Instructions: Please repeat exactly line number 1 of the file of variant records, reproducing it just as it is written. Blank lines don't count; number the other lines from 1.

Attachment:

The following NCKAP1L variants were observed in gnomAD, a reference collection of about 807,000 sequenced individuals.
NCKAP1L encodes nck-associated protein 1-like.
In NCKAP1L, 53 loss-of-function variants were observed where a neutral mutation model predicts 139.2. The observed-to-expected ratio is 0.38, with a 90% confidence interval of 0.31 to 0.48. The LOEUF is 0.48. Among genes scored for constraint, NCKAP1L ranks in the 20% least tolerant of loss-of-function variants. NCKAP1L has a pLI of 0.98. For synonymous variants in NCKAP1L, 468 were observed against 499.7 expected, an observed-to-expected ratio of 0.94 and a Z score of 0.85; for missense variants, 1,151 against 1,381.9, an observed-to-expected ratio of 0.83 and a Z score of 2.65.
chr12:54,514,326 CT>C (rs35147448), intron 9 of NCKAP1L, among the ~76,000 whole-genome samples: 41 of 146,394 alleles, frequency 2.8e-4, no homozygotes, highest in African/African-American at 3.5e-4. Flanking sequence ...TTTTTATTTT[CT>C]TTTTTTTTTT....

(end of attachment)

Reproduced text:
The following NCKAP1L variants were observed in gnomAD, a reference collection of about 807,000 sequenced individuals.